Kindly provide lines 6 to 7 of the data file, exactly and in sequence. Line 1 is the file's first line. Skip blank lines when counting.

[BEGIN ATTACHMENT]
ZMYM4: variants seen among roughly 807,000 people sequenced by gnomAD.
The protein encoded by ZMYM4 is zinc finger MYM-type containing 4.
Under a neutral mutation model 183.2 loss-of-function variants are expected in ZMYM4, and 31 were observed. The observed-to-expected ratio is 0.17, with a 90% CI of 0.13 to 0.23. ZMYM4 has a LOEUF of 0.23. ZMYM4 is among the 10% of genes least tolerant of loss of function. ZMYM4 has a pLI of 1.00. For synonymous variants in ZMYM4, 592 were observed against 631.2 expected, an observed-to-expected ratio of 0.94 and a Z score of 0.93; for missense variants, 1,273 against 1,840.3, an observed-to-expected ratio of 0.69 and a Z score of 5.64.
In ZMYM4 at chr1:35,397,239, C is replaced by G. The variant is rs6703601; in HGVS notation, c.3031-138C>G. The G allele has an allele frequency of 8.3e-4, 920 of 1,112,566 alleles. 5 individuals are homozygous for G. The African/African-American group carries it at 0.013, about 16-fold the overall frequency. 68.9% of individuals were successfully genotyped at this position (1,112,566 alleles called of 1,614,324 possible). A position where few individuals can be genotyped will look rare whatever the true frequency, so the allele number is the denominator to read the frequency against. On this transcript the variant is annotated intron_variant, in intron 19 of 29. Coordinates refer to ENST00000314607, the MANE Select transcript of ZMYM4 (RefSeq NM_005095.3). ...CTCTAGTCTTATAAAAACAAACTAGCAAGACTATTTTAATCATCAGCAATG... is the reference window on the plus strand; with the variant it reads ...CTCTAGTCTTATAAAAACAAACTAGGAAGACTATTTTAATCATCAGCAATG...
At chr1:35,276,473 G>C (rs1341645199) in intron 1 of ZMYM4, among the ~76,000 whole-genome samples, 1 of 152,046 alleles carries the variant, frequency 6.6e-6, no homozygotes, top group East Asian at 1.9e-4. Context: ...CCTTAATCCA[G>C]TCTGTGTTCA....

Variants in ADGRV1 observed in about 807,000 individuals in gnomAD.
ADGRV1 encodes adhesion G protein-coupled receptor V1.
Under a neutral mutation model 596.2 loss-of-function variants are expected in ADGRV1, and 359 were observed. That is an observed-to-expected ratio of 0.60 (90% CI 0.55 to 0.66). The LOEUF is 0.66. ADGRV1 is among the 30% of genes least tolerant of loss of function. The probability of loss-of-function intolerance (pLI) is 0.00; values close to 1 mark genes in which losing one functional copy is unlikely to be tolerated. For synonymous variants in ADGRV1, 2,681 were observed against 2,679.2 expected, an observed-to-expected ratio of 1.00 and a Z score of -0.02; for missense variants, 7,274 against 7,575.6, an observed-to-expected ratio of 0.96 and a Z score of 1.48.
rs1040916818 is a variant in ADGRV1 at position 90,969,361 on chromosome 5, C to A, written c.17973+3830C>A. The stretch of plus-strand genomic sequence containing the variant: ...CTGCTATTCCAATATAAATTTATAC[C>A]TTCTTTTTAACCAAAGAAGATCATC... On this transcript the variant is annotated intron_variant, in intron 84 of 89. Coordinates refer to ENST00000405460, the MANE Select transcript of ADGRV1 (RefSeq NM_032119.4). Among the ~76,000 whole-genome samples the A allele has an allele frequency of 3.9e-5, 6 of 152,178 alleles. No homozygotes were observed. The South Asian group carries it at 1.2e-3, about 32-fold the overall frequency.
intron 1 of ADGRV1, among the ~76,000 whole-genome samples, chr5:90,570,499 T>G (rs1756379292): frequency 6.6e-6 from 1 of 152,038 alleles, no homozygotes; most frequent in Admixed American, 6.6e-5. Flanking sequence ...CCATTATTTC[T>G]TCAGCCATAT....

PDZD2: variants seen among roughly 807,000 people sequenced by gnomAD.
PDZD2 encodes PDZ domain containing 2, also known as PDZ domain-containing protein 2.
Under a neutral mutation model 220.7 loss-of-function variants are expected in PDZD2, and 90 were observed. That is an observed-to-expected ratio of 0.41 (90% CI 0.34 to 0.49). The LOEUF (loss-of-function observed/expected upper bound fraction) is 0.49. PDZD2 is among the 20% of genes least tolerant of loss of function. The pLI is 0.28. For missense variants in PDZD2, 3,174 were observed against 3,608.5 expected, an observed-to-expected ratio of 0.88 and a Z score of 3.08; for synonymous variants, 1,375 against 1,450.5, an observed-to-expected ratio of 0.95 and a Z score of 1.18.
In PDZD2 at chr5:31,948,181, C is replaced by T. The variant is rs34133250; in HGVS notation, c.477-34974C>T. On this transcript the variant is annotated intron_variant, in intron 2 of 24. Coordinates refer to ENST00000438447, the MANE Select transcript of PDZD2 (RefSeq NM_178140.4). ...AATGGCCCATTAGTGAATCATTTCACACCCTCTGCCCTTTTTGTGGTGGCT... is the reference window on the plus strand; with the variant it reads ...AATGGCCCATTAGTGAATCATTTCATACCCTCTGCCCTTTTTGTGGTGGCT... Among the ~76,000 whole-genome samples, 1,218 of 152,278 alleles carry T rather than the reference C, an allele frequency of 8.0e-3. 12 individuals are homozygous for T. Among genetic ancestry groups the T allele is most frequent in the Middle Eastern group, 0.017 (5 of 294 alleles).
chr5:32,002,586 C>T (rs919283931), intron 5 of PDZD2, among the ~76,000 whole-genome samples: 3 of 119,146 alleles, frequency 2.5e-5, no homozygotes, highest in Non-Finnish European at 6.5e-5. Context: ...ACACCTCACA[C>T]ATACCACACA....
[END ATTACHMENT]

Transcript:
Variants in ADGRV1 observed in about 807,000 individuals in gnomAD.
ADGRV1 encodes adhesion G protein-coupled receptor V1.